A positive clinical response, with improved intraocular inflammation and reduced anterior chamber cell reaction, was noticeable around the fourth month after the first infusion. At the final follow-up visit, all eight patients reached complete control of uveitis. In two patients, uveitis was controlled, but rituximab lacked efficacy in treating arthritis, so they were switched to golimumab.
All patients tolerated the drug well. None experienced side effects or rituximab-related complications during the follow up. By the end of follow up, systemic corticosteroids and immunosuppressants used with rituximab were discontinued in five patients.
Dr. Forrester said, “In severe cases, the standard treatment, methotrexate, may help the joint symptoms but does not control the eye inflammation. Recent studies have shown that the newer biologic agents, particularly therapies that block the inflammatory protein TNF-alpha, have revolutionized the management of these patients, and that treatment early in the course of the disease is probably best.”
Dr. Vinit B. Mahajan, assistant professor of ophthalmology and visual sciences at the University of Iowa in Iowa City, told Reuters Health by email, “There are many immunosuppressive medications available that were originally developed for immune diseases not affecting the eye. We don’t know which ones will also work for the eye and for how long, so these findings are exciting.”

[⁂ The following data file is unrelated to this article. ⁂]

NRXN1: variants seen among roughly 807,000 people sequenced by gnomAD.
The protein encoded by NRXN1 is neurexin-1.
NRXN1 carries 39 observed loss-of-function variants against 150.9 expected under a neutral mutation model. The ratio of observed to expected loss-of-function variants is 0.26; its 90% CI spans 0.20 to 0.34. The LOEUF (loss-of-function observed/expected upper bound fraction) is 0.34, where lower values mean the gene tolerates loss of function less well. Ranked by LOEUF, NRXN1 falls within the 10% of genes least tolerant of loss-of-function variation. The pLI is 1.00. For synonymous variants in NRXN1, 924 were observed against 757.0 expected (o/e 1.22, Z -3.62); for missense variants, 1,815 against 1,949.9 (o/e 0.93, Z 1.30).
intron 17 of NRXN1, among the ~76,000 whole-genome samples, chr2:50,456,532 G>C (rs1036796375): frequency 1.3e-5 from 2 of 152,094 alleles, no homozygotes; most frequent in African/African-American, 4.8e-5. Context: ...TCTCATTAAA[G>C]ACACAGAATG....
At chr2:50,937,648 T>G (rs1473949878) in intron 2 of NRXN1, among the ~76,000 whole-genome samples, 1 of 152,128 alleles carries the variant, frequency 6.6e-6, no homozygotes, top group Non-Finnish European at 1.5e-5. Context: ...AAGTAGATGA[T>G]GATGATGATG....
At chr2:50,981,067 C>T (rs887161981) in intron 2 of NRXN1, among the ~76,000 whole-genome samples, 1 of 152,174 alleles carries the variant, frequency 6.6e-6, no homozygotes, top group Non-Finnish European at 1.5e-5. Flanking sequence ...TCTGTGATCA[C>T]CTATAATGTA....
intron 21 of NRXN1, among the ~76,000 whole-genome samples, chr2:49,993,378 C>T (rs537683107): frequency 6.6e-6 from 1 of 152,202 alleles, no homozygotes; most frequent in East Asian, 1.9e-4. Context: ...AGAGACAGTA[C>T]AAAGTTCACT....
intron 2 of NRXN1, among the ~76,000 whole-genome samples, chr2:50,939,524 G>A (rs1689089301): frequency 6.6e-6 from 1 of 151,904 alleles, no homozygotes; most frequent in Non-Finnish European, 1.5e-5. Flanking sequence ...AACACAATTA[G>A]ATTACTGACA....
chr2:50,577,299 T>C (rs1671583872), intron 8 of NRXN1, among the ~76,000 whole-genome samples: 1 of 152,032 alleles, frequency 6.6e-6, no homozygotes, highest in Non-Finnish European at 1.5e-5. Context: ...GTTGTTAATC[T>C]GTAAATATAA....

“They are very important, since there are children all over the world who may not respond to conventional therapy,” added Dr. Mahajan, who was not involved in the study. “This study suggests an important alternative that may help prevent blindness and gives us an idea that in selected patients, rituximab can be effective for several years.”
The authors advised that their results should be interpreted with caution due to the study’s retrospective design, low number and heterogeneity of patients, and lack of a control group. Drs. Forrester and Mahajan agreed with the authors that further prospective randomized trials of rituximab are needed in larger groups of patients to better evaluate its efficacy, dosing regimen, and safety.
The corresponding author declined to comment.